5.2. Analysis Methodology
 The HadMAT1 analysis methodology is broadly similar to that of the HadISST1 SST fields. To create HadMAT1, monthly 5° area MOHMAT4N anomalies were interpolated using the RSOI technique (see section 3.4). The 5° resolution allowed reconstructions to be made for the whole globe in one step. However, the EOFs were only defined over grid boxes that contained data both in at least 50% of the months during 1953–1997 and in 50% of the seasons during 1901–1997, the periods used to calculate the “global change” and “interannual” EOFs used. Many grid boxes remain unreconstructed: these are mainly in the Arctic, the southeast Pacific and the Southern Ocean and in parts of the equatorial Pacific. In these unreconstructed regions, HadMAT1 contains only un-interpolated MOHMAT4N data, smoothed as described in Appendix E.
 The “global change” signal is described by the first EOF of a seasonal version of MOHMAT4N for 1901–97 from which variability on timescales shorter than eight years had been removed. Its time series is correlated at 0.94 with the low-pass filtered global mean NMAT anomaly time series and has a spatial pattern that is similar to that of SST (Figure 4), but with negative weights in the majority of the north Pacific. This EOF was used to reconstruct and remove the global change signal from the NMAT anomalies before the interannual EOFs were calculated from these detrended monthly data for 1953–1997. The first 71 of these interannual EOFs, explaining 80% of the variance, were used to reconstruct complete fields from the detrended MOHMAT4N. The trend component as defined by the global change EOF was added back to give the finished reconstructions.
 The original gridded MOHMAT4N data were then superimposed on the RSOI reconstruction. The data-adaptive smoothing step (Appendix E) produced fields similar or equal to the original MOHMAT4N data in areas of good data coverage, and a blend between the RSOI reconstruction and the original data elsewhere.
6. Diagnostics of HadISST1 and HadMAT1 and Comparisons With Other Analyses
 In this section we test the quality of HadISST1 and HadMAT1 and illustrate the advantages of HadISST1 over GISST and other published SST data sets. For SST we include comparisons of climatologies and analyses of trends, standard deviations and autocorrelations of anomalies. For both SST and NMAT, we present time series of global and regional means. We also include a few selected analyses of AGCM simulations using HadISST1 and compare them against simulations using GISST3 to make specific points.
6.1. Comparison of SST Climatologies
 We compare the monthly climatology for 1971–2000 derived from HadISST1 with the adjusted OI.v2 1971–2000 climatology [Reynolds et al., 2002]. Figure 11 shows the January and July differences, OI.v2 minus HadISST1.
 The most noticeable difference is in the Northern Hemisphere summer in areas that are well sampled by in situ data. Here, HadISST1 is systematically warmer (by up to about 0.7°C in places). This is symptomatic of a general difference between our data sets and COADS or OI.v2, manifested by a relatively enhanced annual cycle in our data sets; the northern Indian Ocean tends to be cooler in our data sets in these months.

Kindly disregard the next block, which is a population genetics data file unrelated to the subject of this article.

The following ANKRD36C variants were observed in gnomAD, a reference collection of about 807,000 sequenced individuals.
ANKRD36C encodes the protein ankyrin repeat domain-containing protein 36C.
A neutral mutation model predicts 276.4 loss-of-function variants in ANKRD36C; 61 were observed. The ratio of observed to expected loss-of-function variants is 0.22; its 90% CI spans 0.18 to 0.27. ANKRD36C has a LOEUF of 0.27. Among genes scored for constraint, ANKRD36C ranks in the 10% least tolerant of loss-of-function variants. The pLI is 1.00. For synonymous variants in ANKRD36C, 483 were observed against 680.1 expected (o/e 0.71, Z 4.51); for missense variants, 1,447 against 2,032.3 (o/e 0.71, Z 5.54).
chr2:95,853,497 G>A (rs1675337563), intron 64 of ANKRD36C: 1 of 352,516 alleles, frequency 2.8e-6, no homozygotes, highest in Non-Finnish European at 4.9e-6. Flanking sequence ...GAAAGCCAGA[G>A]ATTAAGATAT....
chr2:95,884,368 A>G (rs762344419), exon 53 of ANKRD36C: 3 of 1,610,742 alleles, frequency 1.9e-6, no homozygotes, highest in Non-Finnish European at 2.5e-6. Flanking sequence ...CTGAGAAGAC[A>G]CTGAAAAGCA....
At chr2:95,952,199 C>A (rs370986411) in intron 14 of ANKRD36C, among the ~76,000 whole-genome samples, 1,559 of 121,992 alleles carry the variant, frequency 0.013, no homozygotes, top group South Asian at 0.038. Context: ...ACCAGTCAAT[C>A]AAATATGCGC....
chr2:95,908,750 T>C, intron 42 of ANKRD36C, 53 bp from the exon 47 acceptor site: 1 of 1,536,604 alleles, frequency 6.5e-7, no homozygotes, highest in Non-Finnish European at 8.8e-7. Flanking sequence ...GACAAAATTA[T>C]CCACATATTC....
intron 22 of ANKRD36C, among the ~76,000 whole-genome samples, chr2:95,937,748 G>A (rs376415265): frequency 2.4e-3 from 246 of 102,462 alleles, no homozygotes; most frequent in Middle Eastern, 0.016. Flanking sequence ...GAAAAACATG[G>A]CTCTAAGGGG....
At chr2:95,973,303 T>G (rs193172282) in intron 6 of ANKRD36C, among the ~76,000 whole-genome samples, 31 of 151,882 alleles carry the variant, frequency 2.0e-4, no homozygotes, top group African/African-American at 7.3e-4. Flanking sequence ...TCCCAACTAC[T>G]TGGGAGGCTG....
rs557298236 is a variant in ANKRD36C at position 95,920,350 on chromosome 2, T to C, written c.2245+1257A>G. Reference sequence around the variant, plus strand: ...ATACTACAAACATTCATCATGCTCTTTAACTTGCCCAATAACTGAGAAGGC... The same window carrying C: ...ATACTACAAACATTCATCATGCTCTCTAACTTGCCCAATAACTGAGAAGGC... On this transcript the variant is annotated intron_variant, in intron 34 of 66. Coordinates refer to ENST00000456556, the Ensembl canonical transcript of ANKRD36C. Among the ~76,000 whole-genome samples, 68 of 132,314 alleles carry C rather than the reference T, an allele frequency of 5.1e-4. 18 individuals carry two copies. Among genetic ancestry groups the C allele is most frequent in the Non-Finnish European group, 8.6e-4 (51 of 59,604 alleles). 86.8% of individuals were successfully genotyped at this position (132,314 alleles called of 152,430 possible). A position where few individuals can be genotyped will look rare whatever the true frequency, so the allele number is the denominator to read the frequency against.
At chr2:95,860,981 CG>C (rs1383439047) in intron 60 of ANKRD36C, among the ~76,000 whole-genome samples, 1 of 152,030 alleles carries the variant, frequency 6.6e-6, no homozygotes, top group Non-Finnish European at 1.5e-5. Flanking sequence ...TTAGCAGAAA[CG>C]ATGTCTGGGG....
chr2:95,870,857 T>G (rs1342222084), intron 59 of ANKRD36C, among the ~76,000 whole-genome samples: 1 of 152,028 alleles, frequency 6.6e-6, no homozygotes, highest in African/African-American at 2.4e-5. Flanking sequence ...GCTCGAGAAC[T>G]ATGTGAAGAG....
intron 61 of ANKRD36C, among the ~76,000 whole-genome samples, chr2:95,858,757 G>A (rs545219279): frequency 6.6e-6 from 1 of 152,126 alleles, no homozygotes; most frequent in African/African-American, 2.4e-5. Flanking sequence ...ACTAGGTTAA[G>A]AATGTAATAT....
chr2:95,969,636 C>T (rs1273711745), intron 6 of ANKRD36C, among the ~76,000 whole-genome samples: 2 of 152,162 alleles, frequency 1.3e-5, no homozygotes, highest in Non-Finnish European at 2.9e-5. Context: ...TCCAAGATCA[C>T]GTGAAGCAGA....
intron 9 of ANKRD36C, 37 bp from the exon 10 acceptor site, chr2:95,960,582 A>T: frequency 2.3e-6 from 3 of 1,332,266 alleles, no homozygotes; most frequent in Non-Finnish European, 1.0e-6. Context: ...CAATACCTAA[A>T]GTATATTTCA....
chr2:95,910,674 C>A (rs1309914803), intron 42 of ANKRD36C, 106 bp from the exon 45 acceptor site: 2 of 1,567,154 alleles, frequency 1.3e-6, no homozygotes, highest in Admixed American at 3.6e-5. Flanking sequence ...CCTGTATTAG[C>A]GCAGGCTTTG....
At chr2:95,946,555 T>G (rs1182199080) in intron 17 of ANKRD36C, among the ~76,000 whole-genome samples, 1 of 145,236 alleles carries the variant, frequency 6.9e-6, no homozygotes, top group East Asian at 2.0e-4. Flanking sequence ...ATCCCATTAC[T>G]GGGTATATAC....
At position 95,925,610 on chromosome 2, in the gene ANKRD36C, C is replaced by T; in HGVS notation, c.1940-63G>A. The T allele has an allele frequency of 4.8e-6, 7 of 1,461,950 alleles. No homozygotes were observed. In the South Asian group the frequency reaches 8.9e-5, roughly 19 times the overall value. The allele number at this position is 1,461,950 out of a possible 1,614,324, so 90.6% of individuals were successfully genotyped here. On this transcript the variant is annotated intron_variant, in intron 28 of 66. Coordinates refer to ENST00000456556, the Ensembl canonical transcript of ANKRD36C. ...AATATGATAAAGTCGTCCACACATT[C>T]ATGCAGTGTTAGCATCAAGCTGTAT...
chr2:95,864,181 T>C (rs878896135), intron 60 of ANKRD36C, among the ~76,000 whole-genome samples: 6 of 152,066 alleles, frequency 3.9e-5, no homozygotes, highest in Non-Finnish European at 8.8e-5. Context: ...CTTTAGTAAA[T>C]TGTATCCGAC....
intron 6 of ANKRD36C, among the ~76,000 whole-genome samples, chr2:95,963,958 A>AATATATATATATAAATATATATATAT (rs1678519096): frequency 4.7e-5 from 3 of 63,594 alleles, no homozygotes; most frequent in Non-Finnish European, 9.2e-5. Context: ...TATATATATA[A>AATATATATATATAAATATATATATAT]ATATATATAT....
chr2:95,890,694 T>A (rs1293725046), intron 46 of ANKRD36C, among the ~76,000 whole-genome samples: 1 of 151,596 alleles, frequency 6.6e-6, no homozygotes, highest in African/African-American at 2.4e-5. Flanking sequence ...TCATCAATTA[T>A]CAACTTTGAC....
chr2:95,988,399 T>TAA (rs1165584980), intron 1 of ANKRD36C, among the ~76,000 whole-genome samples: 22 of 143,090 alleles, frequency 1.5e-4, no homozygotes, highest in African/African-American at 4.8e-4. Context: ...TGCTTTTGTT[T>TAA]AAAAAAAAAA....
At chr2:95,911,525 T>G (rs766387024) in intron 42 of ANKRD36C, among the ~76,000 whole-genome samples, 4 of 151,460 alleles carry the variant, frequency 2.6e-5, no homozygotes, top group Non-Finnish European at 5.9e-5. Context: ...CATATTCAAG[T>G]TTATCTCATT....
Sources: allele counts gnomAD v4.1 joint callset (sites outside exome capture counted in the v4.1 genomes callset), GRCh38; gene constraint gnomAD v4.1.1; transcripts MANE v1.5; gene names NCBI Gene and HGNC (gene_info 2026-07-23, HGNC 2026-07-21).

The HadISST1 and OI.v2 climatologies also differ in high-SST-gradient areas such as the Gulf Stream and the Malvinas Current regions, because of the different analysis resolutions. Here, HadISST1 is cooler than OI.v2 by over 1°C in summer. In the Southern Ocean, the highly variable differences between HadISST1 and OI.v2 may be due to the relatively short-term nature of the OI.v2 climatology: it is based on data for the satellite era with an adjustment to make it equivalent to a 1971–2000 climatology. As a result, the OI.v2 climatology can be expected to have more spatial detail than the HadISST1 climatology. The relative warmth of the OI.v2 climatology at high northern latitudes in summer away from sea ice is likely due to inadequate adjustment of this climatology to the 1971–2000 period here. HadISST1 and OI.v2 used the same sea ice analysis and sea ice to SST algorithm and so agree very well in sea ice covered regions.
6.2. Local Trends
 We analyzed four periods according to the character of the global mean temperature curve: 1871–1909, slight cooling; 1910–1945, warming; 1946–1975, little overall change of temperature; and 1982–1999, warming. Strictly speaking, the final warming period began in 1976 [Karl et al., 2000], but we chose to begin our last period in 1982 because satellite SSTs, and hence OI.v2, are available from that date. Four data sets are compared: GISST2.3b, Kaplan et al. [1998, 2003], OI.v2 and HadISST1. The GISST2.3b anomalies are relative to the GISST2.2 1961–1990 climatology, the Kaplan et al. [1998, 2003] anomalies are relative to the Parker et al. [1995a] 1951–80 climatology and the OI.v2 and the HadISST1 anomalies are relative to the HadISST1 1961–1990 climatology. Trends and autocorrelations (section 6.4) are unaffected by these choices; standard deviations (section 6.3) are calculated using absolute SST.
Figure 12 depicts restricted maximum likelihood [Diggle et al., 1999] trends in °C per decade in each 5° area grid-box. The four periods exhibit very different patterns. 1871–1909 generally displays little spatial structure in the GISST2.3b, Kaplan et al. [1998, 2003] (neither are shown) or HadISST1 trends (Figure 12a). The two periods of pronounced warming: 1910–1945 and 1982–1999, show some similarities (Figures 12b–12d and 12f–12i), but the magnitudes of the warming trends are often much larger in the more recent period. Despite the larger warming trends, there are areas of cooling in all data sets in the 1982–1999 period but no consistent cooling regions in 1910–1945. The trends are in close agreement with the oceanic trends from HadSST presented by Folland et al. [2001a].